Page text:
USS Constitution "Old Ironsides," Charlestown Navy Yard, Bunker Hill, Old North Church, & Boston Tea Party Cruise
Hop aboard a luxurious ship and prepare for a narrated sightseeing cruise to the Charlestown Navy Yard, where you’ll enjoy a 45-minute cruise and the opportunity to explore the historic USS Constitution!
Once you arrive, you have the option of disembarking to explore the attractions and vessels at the Navy Yard, which was originally established in 1801. This 30-acre naval yard was closed in 1974, when it was transferred to the National Park Service to be part of the Boston National Historical Park. Enough of the yard remains in operation to support the USS Constitution, which resides on the property as a museum ship. The naval yard now seeks “to interpret the art and history of naval shipbuilding,” and the facilities host many attractions aside from the USS Constitution and its museum.
While at the Charlestown Navy Yard, enjoy a tour of the oldest and most famous warship, the USS Constitution, which is still commissioned as a warship and manned by active soldiers. This wooden-hulled, three-masted heavy frigate was named by President George Washington after the Constitution and was launched in 1797 as one of six original frigates authorized for construction by the Naval Act of 1794 and the third of those constructed. As these initial ships were to be our nation’s young Navy’s capital ships, the Constitution and her sisters were larger and more heavily armed and built than standard frigates of the period. Most famous for her actions during the War of 1812, the Constitution captured numerous merchant ships and defeated five British warships, and the battle with HMS Guerriere earned her the nickname “Old Ironsides” and public adoration! In 1907, the Constitution was designated a museum ship!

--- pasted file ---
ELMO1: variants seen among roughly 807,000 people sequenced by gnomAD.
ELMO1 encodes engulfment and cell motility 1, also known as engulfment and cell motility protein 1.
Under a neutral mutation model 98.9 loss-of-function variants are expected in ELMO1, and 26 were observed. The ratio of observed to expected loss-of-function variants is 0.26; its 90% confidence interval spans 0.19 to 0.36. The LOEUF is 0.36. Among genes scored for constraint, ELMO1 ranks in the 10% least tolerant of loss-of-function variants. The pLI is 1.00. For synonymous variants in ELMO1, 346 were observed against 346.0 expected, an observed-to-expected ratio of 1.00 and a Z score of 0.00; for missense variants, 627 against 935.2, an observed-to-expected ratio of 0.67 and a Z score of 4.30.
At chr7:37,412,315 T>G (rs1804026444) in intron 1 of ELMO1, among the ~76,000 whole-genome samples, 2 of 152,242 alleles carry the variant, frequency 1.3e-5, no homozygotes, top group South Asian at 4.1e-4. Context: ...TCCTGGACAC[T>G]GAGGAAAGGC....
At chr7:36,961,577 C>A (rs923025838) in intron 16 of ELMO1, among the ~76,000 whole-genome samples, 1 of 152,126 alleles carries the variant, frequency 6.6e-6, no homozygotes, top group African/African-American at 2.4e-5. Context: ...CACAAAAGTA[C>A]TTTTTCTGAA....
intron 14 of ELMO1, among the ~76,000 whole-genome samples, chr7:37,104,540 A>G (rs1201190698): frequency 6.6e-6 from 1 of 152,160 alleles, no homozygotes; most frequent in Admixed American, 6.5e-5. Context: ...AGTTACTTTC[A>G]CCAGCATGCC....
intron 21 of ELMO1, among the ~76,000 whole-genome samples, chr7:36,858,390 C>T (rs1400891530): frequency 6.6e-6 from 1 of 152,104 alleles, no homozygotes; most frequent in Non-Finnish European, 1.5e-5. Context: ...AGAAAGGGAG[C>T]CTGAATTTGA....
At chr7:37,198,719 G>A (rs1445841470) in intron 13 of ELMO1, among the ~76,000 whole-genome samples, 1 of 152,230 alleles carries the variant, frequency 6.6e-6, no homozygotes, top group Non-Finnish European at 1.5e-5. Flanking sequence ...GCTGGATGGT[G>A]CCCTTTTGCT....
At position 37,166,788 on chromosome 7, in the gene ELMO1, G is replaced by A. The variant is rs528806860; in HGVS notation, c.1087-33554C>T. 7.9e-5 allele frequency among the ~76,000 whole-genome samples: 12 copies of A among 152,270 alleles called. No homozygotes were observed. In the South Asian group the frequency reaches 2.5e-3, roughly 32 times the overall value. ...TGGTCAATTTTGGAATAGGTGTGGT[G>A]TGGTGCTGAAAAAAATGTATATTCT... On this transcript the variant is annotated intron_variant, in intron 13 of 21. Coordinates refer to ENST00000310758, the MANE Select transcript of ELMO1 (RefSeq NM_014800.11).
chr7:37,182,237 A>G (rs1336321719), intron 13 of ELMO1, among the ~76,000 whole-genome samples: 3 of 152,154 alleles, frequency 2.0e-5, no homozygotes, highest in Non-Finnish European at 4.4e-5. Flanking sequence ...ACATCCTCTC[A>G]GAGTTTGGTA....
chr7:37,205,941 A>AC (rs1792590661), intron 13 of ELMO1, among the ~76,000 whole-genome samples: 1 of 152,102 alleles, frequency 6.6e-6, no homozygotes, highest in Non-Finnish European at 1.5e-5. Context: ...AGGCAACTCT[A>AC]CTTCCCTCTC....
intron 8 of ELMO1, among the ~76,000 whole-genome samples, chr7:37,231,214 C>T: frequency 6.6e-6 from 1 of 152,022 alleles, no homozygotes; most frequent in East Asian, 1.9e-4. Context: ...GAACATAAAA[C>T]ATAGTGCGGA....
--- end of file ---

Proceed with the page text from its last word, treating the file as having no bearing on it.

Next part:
Other highlights of the tour include the Bunker Hill Monument, which was one of the first monuments in the United States and was erected to commemorate the Battle of Bunker Hill, the first major conflict in the Revolutionary War in 1775! Also, see the site of the Boston Tea Party, the political protest by the Sons of Liberty in Boston on December 16, 1773. Over the course of three hours, a number of men boarded the three British vessels and dumped all 342 chests of tea in the Boston Harbor near Griffin’s Wharf! The Old North Church is also visible from the ship, remembered as the location from which the famous “One if by land, and two if by sea” signal is said to have been sent, beginning the midnight ride of Paul Revere on the night of April 18, 1775 preceding the battles of Lexington and Concord during the American Revolution.
When you are ready to return to Boston, just hop back on the next cruise to make your way back! While on your cruise, please consider bringing camera and film, comfortable shoes/sneakers, a sweater or jacket, sunscreen, and sunglasses. Snacks and beverages are available for purchase on the ship.